• For large or odd-sized ornaments, wrap each ornament separately in bubble wrap or place in a bubble wrap bag, and store in a clear plastic container.

• For long, tear-drop shaped glass ornaments, wrap them in bubble wrap and store in clear plastic containers or purchase stemware boxes for storage. Stemware boxes have interior compartments that are just the right size for this application.

• If each member of your family has special ornaments, store each person's ornaments in a separate container. Putting these ornaments on the tree will be more fun if everyone can immediately access his or her ornaments. In addition, when children leave home, they can just take their containers with them.

Lights

• Check all light strands before putting them in storage, and change any burned-out bulbs.

• Wrap lights around a spool or cylinder to store. Even if you wrap light strands around your arm or hand, they can tangle and end up in a frustrating mess. The link provided will give you a visual for the kind of cord wrap I'm referring to. Light storage spools are available locally at Lowe's. http://www.containerstore.com/browse/Product.jhtml?CATID=62526&PRODID=62638

• If you can't find spools or cord wraps, you can enlist the help of an empty paper towel or gift wrap roll. Cut a slit in one end of the roll and insert the pronged outlet plug so the plug is on the inside of the roll. Then wrap the lights around the tube and slide the other plug into a slit on the other end of the roll. Instant light storage! You can store a number of rolls this way by setting them horizontally in a plastic under-bed storage box.

• Where possible, store light strands with the item you wish to illuminate: store tree lights with or at least near the tree, store garland lights with the garland, etc.

Wreaths and Garlands

• Special wreath containers are now available at big box retailers, home improvement centers, The Organization Place and online at sites like www.containerstore.com, www.stacksandstacks.com and www.organizationplace.com. These containers range from rigid plastic to vinyl and will protect your wreaths from moisture, wear and pests.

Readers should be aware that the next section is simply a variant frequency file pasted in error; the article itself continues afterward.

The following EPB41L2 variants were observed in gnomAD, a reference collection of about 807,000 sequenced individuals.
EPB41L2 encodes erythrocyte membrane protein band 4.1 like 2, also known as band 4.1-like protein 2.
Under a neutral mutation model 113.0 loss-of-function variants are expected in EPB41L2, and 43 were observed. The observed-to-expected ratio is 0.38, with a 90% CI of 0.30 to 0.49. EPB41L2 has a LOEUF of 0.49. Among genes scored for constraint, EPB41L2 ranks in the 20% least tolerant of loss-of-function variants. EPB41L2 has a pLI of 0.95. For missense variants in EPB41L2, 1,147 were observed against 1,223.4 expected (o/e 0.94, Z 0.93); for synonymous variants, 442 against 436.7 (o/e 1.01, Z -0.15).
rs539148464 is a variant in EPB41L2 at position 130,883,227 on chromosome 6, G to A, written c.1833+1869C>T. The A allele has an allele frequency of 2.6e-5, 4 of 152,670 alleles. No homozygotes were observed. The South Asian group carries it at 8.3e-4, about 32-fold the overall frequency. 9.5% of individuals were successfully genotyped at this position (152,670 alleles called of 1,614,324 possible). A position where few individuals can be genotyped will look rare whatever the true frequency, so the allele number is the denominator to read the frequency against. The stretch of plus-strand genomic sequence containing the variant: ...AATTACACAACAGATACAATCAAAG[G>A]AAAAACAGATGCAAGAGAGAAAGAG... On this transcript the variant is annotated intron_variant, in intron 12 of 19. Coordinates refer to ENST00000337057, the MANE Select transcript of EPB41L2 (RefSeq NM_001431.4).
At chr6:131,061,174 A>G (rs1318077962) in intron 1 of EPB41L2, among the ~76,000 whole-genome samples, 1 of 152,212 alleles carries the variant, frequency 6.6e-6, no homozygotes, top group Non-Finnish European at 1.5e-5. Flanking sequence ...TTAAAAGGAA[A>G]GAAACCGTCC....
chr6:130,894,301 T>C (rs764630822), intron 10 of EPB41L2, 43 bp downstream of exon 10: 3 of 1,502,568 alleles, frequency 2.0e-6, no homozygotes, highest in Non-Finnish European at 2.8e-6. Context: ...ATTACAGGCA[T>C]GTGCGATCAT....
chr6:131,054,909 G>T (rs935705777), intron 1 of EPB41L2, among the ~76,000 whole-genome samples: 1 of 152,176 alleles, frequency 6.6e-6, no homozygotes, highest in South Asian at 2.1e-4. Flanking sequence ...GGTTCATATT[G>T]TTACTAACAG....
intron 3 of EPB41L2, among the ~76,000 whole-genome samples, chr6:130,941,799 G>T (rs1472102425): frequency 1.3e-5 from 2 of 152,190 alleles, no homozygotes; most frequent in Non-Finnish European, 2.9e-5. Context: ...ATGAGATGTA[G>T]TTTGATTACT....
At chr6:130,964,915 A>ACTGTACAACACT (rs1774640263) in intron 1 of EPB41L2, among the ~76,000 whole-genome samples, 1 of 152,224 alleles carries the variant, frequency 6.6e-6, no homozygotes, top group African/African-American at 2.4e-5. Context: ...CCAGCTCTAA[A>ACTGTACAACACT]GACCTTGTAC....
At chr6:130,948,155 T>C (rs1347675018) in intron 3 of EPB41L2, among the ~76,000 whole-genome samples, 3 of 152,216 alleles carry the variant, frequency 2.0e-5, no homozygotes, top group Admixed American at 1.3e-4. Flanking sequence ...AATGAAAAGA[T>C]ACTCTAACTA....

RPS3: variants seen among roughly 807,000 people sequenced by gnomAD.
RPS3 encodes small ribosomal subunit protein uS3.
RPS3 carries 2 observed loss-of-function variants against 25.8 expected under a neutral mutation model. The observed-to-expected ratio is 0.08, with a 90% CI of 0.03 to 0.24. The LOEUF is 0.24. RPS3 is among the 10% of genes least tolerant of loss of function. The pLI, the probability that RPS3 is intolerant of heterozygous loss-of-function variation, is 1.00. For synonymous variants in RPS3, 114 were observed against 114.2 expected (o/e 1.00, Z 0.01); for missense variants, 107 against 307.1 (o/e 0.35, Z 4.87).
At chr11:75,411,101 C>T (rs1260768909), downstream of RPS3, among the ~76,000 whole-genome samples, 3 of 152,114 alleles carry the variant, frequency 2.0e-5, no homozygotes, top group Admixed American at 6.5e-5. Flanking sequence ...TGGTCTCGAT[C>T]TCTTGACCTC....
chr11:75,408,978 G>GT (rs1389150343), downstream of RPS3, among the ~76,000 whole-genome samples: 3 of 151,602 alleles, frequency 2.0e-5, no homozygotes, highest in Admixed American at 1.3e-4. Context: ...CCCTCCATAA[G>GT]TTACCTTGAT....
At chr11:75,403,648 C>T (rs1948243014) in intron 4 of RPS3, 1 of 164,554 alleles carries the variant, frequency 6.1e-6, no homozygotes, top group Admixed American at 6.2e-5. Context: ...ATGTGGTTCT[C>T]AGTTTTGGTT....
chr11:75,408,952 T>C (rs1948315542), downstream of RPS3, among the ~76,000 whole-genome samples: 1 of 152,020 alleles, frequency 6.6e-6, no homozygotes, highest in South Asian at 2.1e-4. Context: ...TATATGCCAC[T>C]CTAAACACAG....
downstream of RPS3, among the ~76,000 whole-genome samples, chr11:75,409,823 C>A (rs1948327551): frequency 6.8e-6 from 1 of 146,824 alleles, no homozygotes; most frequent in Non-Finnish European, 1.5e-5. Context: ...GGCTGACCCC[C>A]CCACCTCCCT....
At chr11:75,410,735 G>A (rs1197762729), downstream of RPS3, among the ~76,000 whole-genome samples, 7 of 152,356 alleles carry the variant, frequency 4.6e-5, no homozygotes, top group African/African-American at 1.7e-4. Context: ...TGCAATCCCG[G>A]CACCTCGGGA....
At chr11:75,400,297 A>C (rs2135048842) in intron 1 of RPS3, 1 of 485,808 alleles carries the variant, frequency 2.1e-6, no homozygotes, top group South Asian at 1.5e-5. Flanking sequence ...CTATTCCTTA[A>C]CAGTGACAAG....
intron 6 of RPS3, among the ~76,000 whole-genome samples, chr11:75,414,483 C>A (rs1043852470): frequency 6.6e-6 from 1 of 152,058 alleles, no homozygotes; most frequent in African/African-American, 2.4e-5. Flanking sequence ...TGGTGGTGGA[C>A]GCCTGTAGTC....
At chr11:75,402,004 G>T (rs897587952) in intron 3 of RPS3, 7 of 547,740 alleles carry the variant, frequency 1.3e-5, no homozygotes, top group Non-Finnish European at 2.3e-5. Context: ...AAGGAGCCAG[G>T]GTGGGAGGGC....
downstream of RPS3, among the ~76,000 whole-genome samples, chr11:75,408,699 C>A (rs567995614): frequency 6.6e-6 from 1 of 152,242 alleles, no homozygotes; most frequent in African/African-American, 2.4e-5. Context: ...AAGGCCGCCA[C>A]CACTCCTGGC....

• If you have a place to hang wreaths for storage, simply cover them with heavy duty trash bags and hang them on hooks or nails.

• Garlands are easily stored in plastic under-bed boxes. These containers are large enough to accommodate garlands without crushing them. If you swag your garlands, place baggie ties or another marker at the swag point so putting up the garland next year is quick and easy.

Gift Wrap

• Store gift wrap vertically! You've probably experienced the collapsing pile of horizontally-stored gift wrap rolls at least once. To avoid an avalanche and to ensure that your gift wrap stays wrinkle-free longer, place gift wrap rolls in a vertical gift wrap container. These containers are often available only around the Christmas holidays, so if you have all-purpose wrap as well, now is a good time to stock up on these containers. Most of these containers are plastic, so your wrap will be protected from moisture. You can find these containers at big box retailers, home improvement centers and online.

• Another vertical gift wrap storage option is to store rolls in a tall wastebasket and cover the top with a heavy duty trash bag. Just remember to very clearly label the outside of the bag.

•Store ribbons, tags, tissue paper and embellishments in separate small plastic containers with lids. Clear plastic shoeboxes work well and are very inexpensive. • If you want a full gift wrap center complete with compartments for ribbons, tags, etc. visit www.organizationplace.com, click the "Misc." tab, and browse the "Holiday" section for a wide selection of gift wrap storage options. Or, take a trip to Orem and browse the store!

Dishes and Linens

• If you have Christmas dishes, have been storing them in the original boxes and the boxes are starting to fall apart, invest in sturdy storage containers. For many people, Christmas dishes are inherited as a family heirloom, so make sure they are securely stored and protected. Sturdy fiberboard containers are not only protective, but they are also very attractive and available in a wide range of colors and sizes.

• If your original containers are still in good shape, they are a great storage option.

• Be sure to launder Christmas linens before storing them, even if they look clean. Hidden stains are difficult to impossible to remove after sitting for a year. Store linens with dryer sheets, sachets or cedar blocks so they smell nice when you open the containers next year. Make sure to store linens in plastic containers to guard against moisture and pests.

An Invitation

Best wishes for a happy and prosperous New Year! To celebrate January, which is National Get Organized Month, we at Clear & SIMPLE are conducting several free organizing workshops at libraries around the valley. Visit the Clear & SIMPLE web site (www.clearsimple.com) and click the "Events" link for dates and times. We'd love to have you join us!

Happy Organizing!